Merging Two Worlds

I realized long ago that my interests, my devotions and my heart exist almost exactly in equal depth for two discrete places—Kansas City, the place I currently call home and where my family is and all of my current investments such as school and work are rooted, and Cheyenne, Wyoming, the place I used to call home and where so many of my closest friendly bonds still reside where I grew up during my most formative early teenage years. Each place has more than its own fair share of positive considerations and factors to keep each set of emotions, interests, devotions and investments powerfully tied to them. I take a lot of comfort in this, but for that reason I find myself stuck in a perpetually awkward state of longing for whichever place I’m not currently breathing in the sweet air of at each passing moment.

So there is a kind of distance which always separates me from both places simultaneously…because this distance isn’t just the obvious physical one, for however many actual miles are between myself and one of these beautiful places, that same number of miles, manifested emotionally, always works to separate me from the other. If there was some way that I could merge the two worlds, and have forever all of the cherished variables that I so long to be a part of, all of them combined in the most wonderful way, I would tear apart the fabric of space-time with my bare hands to bring them together and I don’t think I could ever ask for anything more.

There are almost 700 torturous miles separating these two worlds. And each one has its own intense well of gravity, always mercilessly tugging me away from the other. Only periodically do I get the opportunity to cut the chains keeping me rooted here in Kansas City and let myself drift that way, over to Cheyenne. The largest of these chains are those of school and work—because only with the blessing of each of these can I make time to temporarily break free from their otherwise unrelenting grip on my focus. I can always still keep in touch and communicate in ways not so different from what is usually taking place anyway, so it’s not so much a matter of separating myself from the people I’m surrounded by here as it is a matter of separating myself from the career-oriented lifestyle I’m surrounded by. And so the beautiful fairy tale setting I can’t shake from my mind (if I even wanted to) is the one in which all of the people I so often find myself dreaming about, together in equal parts both here in Kansas City and there in Cheyenne, are here with me together at once. I absolutely cannot think of a better world than one which incorporates all of the best attributes of both of these, seamlessly combined into a true fairy tale setting if there ever was one.

For obvious reasons my most immediate concerns are those of school and work, and so there really is no question about where I need to be now…at least for the time being, in this moment. And being closer to family, both immediate here in town and slightly less immediate only a couple hours away, is a very nice thing. But on the other hand, in the place that I used to call home (and still do for a fleeting two weeks out of the year), I have some of my longest and deepest-held friendships and the physical surroundings which never fail to provide intensely treasured nostalgic feelings of their own. And although this woefully short amount of time I’m able to take advantage of each year is so relatively brief, separated by about twenty-five times this amount of time, in which I must remain devoted to more productive pursuits here at “home”, all of this time and distance that seems so daunting all the while I’m away seems to just dissolve and fade away the moment I arrive and see all the familiar faces I’ve been missing for so long. And then it’s almost as if I was never even gone at all. It’s a feeling of belonging simply without compare.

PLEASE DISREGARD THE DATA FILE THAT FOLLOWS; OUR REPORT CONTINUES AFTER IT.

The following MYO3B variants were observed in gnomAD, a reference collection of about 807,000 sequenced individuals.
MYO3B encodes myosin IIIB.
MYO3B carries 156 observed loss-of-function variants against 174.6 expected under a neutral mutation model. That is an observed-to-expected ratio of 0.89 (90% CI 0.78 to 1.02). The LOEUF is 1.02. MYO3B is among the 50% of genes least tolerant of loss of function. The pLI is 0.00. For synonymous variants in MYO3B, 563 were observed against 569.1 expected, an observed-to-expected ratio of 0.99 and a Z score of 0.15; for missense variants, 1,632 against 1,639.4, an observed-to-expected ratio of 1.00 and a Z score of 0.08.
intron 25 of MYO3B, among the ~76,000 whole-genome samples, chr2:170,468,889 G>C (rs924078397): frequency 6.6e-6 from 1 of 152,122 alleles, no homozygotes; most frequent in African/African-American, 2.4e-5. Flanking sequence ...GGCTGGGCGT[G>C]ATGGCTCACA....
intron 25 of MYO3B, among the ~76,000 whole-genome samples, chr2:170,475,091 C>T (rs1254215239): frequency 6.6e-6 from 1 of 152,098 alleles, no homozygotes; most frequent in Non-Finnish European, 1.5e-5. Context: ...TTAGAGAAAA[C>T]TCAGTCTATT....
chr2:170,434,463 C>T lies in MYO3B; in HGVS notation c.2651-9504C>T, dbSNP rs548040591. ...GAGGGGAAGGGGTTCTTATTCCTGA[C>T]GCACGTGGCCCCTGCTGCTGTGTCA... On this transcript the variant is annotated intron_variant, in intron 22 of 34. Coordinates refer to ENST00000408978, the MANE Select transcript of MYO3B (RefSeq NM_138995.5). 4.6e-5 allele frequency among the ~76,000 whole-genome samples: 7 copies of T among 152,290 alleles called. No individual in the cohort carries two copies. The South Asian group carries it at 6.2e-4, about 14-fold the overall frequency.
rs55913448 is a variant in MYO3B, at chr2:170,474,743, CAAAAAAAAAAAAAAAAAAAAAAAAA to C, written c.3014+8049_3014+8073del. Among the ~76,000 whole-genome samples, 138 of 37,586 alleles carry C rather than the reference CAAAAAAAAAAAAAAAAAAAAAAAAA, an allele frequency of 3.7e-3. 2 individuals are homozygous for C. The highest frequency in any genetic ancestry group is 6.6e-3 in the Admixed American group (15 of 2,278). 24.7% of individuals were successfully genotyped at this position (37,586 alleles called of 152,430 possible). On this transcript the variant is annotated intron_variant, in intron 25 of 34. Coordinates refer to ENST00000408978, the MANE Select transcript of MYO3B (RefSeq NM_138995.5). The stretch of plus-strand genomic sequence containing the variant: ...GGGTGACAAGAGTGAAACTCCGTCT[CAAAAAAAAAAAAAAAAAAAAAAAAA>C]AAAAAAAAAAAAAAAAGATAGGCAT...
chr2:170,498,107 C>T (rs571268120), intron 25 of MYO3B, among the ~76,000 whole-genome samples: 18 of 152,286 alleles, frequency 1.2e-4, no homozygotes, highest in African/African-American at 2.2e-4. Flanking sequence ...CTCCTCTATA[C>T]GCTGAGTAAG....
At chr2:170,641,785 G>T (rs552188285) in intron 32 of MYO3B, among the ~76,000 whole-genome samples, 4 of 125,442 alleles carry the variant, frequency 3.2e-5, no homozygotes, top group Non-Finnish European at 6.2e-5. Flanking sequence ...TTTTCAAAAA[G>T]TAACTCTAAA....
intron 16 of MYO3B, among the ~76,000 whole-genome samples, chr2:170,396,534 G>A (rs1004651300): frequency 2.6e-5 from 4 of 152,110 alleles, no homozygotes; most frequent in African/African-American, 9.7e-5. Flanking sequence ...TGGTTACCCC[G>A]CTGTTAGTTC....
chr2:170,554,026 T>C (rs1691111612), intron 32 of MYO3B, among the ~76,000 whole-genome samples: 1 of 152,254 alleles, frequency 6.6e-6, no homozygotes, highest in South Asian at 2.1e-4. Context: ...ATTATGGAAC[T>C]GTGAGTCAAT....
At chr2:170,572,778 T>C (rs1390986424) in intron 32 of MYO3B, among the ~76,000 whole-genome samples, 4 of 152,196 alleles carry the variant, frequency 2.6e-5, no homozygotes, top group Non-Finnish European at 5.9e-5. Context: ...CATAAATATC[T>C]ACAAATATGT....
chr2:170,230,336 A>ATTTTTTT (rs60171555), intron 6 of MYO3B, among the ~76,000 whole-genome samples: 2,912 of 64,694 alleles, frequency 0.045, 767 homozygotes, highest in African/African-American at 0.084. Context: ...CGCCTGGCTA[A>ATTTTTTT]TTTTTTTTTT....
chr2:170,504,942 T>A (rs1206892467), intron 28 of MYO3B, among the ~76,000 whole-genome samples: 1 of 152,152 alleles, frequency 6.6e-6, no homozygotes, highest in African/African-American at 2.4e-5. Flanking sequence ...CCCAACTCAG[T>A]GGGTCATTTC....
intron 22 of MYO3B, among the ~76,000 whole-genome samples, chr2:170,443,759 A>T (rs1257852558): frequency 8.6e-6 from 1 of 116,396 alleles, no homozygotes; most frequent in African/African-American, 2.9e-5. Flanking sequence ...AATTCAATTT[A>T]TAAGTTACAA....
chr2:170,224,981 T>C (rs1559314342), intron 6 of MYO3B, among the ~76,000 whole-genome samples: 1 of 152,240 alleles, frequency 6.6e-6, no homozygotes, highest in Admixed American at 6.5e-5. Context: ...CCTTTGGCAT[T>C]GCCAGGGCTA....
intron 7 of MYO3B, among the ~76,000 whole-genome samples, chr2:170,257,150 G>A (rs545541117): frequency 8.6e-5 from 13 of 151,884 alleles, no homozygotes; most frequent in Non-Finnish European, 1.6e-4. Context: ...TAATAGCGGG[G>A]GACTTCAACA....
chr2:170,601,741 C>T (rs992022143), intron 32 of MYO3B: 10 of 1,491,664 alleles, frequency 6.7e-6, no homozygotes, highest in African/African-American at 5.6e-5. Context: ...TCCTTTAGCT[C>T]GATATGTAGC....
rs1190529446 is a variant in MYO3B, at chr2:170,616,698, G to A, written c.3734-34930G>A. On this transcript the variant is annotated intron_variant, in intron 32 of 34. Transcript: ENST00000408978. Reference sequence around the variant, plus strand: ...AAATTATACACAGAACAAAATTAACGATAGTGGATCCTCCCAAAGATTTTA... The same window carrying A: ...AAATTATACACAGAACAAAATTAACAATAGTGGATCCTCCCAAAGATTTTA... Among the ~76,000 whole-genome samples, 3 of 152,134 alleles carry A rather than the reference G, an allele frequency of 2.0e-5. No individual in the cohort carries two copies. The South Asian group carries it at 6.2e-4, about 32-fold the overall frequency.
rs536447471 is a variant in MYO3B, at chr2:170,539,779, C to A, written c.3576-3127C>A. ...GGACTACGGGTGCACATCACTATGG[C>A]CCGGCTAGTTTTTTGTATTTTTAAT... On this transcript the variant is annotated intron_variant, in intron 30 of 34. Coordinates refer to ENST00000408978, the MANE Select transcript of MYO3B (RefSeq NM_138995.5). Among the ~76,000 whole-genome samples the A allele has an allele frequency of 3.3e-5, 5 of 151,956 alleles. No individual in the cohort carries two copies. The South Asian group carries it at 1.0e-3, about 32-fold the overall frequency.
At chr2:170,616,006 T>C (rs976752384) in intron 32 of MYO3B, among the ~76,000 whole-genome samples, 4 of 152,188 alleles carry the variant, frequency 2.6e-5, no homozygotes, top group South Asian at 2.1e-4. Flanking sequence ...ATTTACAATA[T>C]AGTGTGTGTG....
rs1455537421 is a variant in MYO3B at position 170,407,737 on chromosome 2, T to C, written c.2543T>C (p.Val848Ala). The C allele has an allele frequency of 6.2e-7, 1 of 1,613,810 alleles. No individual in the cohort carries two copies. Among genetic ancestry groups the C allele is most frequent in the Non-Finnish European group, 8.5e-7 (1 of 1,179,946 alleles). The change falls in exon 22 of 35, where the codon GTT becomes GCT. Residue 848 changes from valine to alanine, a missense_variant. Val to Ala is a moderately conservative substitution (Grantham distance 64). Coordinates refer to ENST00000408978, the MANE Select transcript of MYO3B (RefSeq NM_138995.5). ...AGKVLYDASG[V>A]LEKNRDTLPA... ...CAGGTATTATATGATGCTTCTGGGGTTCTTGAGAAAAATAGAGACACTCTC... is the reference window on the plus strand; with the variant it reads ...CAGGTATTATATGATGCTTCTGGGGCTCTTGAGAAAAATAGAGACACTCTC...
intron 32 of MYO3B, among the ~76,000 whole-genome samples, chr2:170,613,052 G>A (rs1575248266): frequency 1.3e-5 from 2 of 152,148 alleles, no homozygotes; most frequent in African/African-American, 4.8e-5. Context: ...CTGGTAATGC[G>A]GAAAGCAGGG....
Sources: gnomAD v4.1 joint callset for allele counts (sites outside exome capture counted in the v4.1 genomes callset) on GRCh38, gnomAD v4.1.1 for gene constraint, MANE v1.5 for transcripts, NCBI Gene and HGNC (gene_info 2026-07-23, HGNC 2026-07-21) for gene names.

If there is ever any doubt in my mind about whether I should really be utilizing my entire vacation time to travel out there and mingle into the ongoing social network, whether I’m still going to fit in and be appreciated, it is utterly demolished almost immediately as I never fail to seamlessly blend back into the scene. It's funny, sometimes, how often people are surprised that I'd take my vacations and come out here to Cheyenne time after time. "Cheyenne, of all places?!" Yes, beautiful Cheyenne, so full of all these wonderful friendships. Truth is, there's no place in the world I'd rather be when I get the chance.

I guess I could say that I’m more physically tied to my current home, and more emotionally tied to my prior home. But this is without a doubt mostly because of the simple fact that I’ve lived here for so long and have career-oriented goals that have been progressing for much of that time. I guess I could also say that my bright future (as its prospects are currently situated) lies here in Kansas City, while my longed-for past (as its prospects are currently situated, as well) lie all the way over there in Cheyenne. There are some deep considerations in this realization, because there are many important variables which are so easy to overlook if I let imagination run rampant and neglect to consider more than sheer longing for the past and what I only get to experience briefly each year.